As a person who keeps almost half his net worth in China stocks, I've been obliged to follow the new going private method closely, as it's been applied to ZSTN and CMED(Q).
Today, my research turned to CMEDQ's shareholders' derivative suits and to my great surprise I learned that it's being sued by shareholders for allegedly falsifying its cash numbers from 2006 to the present (to see the suit for yourself go to "Scribd" site, document # 105716411).
Add that to the fact that I know the reason ZSTN was de-registered was because it failed a Cash Verification, and add both of those to Longtop and CCME, two older Chinese frauds I've previously researched, both of which also had fraudulent cash numbers (among other sins, in CCME's case), and I reach a total of 5 out of the 5 Chinese frauds that I've closely studied had fraudulent cash numbers. (I can provide cites for each, but it's hard to do without being able to post LINKS; at any rate, I'm not lying).
What I'd primarily like to know is whether my experience is just a statistical fluke (I seem to be surrounded by them lately), or is this actually a pattern worth investigating?
1. First, c'mon, Chinese nationals, show a little imagination in your fraud. There's lots of ways to steal from a company, so why always the same M.O.?
2. Second, has anyone studied any other Chinese frauds and if so, was their problem also fraudulent cash numbers?
3. Finally, why does the cash line on the balance sheet always seem to be the problem in Chinese frauds? Is this part of those corporate cultural differences that I've had so much trouble getting my head around?
I had a potential breakthrough today in answering the "why is it always the cash number?" question, but it could use some peer review.
I'm thinking it might be due to the nakedness of Chinese fraud. What I mean is, since fraud in China stocks is usually someone outright stealing the company's cash, the balance sheet cash number is forced to "grow" for the following reason: the company always needs X dollars, just to run its day to day affairs, so that number's always got to be in the cash line, and it's real cash.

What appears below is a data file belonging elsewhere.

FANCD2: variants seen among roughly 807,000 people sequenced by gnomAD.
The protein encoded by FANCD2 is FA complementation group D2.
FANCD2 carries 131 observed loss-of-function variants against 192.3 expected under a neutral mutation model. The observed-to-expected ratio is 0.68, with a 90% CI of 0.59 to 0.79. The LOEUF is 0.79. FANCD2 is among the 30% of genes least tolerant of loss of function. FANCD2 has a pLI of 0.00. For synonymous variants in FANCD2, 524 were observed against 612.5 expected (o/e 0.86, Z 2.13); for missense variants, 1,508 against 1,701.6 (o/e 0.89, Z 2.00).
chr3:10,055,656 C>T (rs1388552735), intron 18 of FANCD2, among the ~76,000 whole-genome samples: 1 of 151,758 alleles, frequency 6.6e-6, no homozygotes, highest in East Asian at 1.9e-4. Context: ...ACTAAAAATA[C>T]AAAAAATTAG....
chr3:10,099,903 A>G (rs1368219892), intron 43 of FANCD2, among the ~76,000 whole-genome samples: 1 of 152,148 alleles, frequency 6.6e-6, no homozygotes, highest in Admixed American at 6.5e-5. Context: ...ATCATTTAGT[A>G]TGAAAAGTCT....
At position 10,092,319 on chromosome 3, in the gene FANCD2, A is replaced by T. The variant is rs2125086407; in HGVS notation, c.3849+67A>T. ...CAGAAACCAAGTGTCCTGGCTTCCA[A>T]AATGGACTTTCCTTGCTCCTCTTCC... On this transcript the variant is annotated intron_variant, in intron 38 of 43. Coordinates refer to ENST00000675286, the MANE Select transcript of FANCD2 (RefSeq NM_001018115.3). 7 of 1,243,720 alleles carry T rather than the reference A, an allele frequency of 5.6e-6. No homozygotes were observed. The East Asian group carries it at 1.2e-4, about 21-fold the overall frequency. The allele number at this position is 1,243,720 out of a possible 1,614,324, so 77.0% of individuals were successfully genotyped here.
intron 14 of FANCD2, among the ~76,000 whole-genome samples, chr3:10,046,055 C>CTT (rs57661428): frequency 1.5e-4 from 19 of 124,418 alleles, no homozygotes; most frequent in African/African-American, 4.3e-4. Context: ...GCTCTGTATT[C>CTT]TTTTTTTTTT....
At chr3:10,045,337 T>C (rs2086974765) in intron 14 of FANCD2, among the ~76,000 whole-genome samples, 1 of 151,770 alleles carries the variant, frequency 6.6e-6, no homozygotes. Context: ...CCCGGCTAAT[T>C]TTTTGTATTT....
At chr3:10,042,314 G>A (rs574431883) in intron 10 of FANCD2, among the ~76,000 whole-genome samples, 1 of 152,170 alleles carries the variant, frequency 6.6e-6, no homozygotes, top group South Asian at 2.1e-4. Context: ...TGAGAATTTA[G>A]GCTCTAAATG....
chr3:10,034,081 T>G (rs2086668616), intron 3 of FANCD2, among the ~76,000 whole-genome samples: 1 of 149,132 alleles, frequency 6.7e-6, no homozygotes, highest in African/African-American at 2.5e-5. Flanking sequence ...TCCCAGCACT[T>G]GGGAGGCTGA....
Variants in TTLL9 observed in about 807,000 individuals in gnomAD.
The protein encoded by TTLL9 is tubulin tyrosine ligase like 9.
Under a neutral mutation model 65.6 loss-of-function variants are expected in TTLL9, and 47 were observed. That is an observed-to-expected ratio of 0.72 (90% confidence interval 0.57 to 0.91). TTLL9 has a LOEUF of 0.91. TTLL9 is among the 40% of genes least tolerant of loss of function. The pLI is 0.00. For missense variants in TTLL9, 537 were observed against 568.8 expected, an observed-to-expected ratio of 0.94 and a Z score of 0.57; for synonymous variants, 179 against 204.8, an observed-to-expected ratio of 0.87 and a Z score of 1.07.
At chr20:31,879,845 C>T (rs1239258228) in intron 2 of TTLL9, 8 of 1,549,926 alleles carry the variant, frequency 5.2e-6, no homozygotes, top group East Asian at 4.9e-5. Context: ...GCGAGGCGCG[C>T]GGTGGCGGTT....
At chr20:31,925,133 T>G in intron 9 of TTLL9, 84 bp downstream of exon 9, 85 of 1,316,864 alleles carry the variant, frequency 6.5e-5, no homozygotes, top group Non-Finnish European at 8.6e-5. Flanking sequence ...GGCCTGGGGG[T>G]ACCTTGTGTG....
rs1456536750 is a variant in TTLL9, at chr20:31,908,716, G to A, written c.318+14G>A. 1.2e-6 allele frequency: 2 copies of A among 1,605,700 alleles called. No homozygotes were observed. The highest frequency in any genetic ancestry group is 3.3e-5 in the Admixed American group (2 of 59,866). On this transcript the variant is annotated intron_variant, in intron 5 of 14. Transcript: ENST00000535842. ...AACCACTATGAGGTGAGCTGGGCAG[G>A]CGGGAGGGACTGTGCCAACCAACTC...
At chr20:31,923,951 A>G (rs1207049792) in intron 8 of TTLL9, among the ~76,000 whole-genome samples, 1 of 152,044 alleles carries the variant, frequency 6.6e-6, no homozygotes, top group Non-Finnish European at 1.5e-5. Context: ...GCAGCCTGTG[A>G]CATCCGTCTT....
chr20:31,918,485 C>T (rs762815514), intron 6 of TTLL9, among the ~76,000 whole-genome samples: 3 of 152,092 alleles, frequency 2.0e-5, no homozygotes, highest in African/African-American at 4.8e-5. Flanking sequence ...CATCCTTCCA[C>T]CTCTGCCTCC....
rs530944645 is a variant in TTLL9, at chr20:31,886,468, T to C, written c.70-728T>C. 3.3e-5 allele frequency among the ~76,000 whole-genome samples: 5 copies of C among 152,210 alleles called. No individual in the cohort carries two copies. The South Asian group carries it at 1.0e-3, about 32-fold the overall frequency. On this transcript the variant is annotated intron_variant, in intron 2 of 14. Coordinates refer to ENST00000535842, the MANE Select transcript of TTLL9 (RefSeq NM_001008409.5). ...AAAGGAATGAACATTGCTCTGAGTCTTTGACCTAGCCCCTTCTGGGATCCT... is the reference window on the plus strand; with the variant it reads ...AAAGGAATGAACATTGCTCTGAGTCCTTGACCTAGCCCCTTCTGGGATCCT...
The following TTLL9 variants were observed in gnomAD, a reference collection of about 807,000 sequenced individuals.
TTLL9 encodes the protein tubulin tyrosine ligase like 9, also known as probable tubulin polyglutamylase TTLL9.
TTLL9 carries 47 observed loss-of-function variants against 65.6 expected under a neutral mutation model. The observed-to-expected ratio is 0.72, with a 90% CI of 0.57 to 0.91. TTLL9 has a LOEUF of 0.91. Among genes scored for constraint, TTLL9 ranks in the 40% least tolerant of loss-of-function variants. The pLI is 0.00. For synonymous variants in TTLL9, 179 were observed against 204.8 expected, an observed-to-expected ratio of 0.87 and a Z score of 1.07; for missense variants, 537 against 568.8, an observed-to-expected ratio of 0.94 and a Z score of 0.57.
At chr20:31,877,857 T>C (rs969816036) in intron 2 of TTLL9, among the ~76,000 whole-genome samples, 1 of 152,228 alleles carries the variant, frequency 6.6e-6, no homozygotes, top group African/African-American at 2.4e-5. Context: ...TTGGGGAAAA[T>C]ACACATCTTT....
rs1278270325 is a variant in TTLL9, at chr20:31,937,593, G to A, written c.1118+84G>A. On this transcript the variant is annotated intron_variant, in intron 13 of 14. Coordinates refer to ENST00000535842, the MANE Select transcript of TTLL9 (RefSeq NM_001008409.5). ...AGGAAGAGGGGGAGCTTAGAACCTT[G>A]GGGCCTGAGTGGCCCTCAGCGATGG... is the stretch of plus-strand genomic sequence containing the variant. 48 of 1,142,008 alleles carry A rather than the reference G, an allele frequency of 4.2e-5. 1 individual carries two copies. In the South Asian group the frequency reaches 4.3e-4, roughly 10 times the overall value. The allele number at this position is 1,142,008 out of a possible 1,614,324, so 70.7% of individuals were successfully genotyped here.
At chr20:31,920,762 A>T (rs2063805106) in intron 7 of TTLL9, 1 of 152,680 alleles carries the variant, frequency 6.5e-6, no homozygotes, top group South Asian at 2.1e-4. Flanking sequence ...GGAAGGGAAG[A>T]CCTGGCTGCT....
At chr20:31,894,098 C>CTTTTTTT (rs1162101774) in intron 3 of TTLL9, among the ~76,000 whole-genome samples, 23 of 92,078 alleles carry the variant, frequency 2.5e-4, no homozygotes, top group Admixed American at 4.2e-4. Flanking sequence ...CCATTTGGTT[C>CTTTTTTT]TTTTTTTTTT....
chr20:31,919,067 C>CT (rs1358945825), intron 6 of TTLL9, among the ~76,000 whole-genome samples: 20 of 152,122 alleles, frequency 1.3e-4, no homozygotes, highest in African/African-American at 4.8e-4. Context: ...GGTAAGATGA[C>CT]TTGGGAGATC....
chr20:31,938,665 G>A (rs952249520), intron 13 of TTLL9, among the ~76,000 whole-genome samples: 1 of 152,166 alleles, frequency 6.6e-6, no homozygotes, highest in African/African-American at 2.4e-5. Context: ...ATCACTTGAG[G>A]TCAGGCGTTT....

AND, the stolen cash also has to be included in the balance sheet's cash line, otherwise the theft would be discovered.
SO, the two together, real cash and stolen cash, must be reported as real cash. Therefore, the more that gets stolen, the more the cash number on the balance sheet has to grow, until, in not so very long, the cash number starts to look "too big" when compared to the company's industry peers (of similar size, until I figure out a ratio I can use).
Is that theory sound?
Chinese understand cash. They really have a problem with the accrual thing.
There is some cultural issues going on. Cleverness and obtaining something of value with less effort than your neighbor are respected individual characteristics. Westerners would use words like deceitful, dishonest, and cheating to describe these activities. The average Chinese desires the respect for these characteristics so much they will take a minor amount without consideration of the huge amount they are forgoing by being patient. Before being critical of this condition, consider the power elite in China can remember a time when the way Beijing fixed budget deficits is by systematically starving parts of the population, in the millions, to death. I am not sure how I would make decision, if in my mind I could consider that possibility.